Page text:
In the near future, it is estimated that artificial intelligence will play a significant role in customer interactions, with a projected 80% of all customer interactions being powered by AI by 2025. As revealed in the Gartner Customer Service and Support Technologies report 2023, nearly 40% of industry leaders prioritise implementing AI applications trained on large language models to enhance customer satisfaction and retention.

As technology continues to advance, certain industries such as retail are beginning to fully embrace AI on the front lines. Customers can now engage with automated bots that have been programmed to provide thoughtful and empathetic service, similar to that of a human employee. These bots continuously learn and improve, serving up personalised product recommendations and information to customers. According to a recent survey by the Capgemini Research Institute, 83% of 800 surveyed organisations believe these advanced chatbots are the most relevant application of generative AI, with 63% of retail companies already utilising it to enhance their customer service experience.

A double-edged sword

My two recent very different encounters with AI have shown its potential for efficiency and disappointment. A flight’s problem was quickly solved by AI, but in a LinkedIn communication I felt frustrated by the realisation that I was interacting with AI instead of a human. When incorporating AI into customer interactions, businesses must be mindful of potential damage to their reputation caused by inappropriate or misleading interactions. This applies to companies of all sizes, not just large corporations.

Automated first responses may seem appealing, but they can leave prospects and customers feeling let down. In today’s world, the human touch is crucial, and it is essential to use AI carefully and strategically in communication and problem-solving.

The ethical implications of AI in consumer interaction are also far-reaching and immediate, with one of the most prominent being the potential for data breaches and unauthorised access to personal information. The constant collection and processing of massive amounts of data creates a substantial risk for this information falling into the wrong hands, whether through hacking or other security breaches. These are particularly significant concerns for industries where customer interactions and privacy of data are of utmost importance, such as banking and healthcare.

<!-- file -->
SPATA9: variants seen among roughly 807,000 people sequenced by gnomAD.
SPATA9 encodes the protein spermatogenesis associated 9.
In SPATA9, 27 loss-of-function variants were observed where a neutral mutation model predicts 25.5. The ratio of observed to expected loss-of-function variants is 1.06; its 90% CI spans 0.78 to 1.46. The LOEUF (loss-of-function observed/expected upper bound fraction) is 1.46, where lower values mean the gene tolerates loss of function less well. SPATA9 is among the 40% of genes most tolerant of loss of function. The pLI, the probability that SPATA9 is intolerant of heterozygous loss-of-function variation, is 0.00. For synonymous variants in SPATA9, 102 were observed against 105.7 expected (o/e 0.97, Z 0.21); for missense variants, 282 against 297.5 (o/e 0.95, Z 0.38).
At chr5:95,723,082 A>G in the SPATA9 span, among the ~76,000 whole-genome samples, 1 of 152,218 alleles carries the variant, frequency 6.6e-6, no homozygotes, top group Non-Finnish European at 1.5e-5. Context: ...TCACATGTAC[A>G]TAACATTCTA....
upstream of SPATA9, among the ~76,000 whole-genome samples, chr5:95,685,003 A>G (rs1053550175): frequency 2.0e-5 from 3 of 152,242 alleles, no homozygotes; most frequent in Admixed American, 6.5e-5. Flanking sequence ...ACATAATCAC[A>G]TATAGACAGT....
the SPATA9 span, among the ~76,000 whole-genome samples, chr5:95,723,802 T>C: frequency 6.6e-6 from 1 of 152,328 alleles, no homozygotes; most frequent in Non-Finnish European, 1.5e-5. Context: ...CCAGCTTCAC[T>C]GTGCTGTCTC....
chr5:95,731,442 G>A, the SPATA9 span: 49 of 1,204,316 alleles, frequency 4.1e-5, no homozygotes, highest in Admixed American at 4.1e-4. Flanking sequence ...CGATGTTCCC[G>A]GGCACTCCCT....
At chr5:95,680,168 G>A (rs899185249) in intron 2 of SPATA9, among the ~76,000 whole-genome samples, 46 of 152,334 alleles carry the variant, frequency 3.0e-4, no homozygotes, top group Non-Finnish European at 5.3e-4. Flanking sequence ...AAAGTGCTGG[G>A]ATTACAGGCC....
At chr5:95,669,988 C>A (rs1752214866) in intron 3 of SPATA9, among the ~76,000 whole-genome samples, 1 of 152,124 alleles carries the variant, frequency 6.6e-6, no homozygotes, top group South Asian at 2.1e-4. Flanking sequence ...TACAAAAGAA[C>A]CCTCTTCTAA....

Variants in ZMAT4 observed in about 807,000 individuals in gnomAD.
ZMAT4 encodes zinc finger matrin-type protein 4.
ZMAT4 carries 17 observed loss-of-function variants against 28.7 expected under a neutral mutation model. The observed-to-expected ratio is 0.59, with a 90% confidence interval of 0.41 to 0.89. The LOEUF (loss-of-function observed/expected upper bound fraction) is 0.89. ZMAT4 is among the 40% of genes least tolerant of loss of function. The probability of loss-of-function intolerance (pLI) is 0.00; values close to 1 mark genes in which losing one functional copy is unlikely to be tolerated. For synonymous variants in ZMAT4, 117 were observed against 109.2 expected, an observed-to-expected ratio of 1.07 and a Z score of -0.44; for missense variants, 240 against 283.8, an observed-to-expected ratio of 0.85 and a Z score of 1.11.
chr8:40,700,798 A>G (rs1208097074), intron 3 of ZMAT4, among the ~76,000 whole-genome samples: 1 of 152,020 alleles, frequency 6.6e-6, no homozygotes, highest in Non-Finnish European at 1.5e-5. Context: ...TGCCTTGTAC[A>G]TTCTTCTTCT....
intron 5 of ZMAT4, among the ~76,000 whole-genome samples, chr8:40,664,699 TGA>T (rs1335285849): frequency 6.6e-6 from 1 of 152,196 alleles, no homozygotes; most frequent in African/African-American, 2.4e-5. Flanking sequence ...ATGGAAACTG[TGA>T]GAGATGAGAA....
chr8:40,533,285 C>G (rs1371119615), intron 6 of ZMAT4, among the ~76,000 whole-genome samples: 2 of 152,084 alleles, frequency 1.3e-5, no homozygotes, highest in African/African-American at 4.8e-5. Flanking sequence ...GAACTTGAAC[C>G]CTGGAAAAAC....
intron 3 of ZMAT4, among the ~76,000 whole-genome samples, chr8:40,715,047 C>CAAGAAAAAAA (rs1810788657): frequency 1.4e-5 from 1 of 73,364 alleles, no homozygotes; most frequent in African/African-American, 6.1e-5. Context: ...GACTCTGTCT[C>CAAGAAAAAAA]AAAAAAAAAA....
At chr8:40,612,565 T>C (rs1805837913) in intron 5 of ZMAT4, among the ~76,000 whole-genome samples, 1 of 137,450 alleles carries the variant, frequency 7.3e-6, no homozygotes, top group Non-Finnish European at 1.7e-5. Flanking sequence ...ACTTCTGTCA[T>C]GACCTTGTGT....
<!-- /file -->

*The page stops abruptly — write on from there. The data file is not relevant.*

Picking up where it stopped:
However, it’s a double-edged sword. While AI poses a major risk to cybersecurity, it is the same AI technology that has the potential to significantly reduce the risk of breaches and save organisations millions in costs. In fact, IBM’s Cost of a Data Breach 2023 global survey revealed that organisations extensively using AI saved an average of $1.8 million in data breach costs and were able to identify and contain breaches over 100 days faster compared to non-AI users.

Nearly four decades have passed since my first encounter with the possibilities of artificial intelligence at Digital’s innovative facility in Valbonne. The potential of this technology was evident even then, yet it took decades before I faced the decision of incorporating AI into my own business. As I reflect on this, I am reminded that if I could wait 40 years for the right moment to embrace AI, I can certainly move cautiously today in selecting the most effective solutions for my company and clients.

So, while you will not find a robotic assistant greeting you on anytime soon, please bear with me if it takes some time for me to send a response, but when you get one, it will be from me or one of my colleagues.

Rolf Olsen

CEO, based in Geneva

Rolf Olsen launched Leidar in 2010 and continues to lead the company as CEO.  He advises clients on strategy and narrative development; crisis management; and complex reputational issues on a global scale.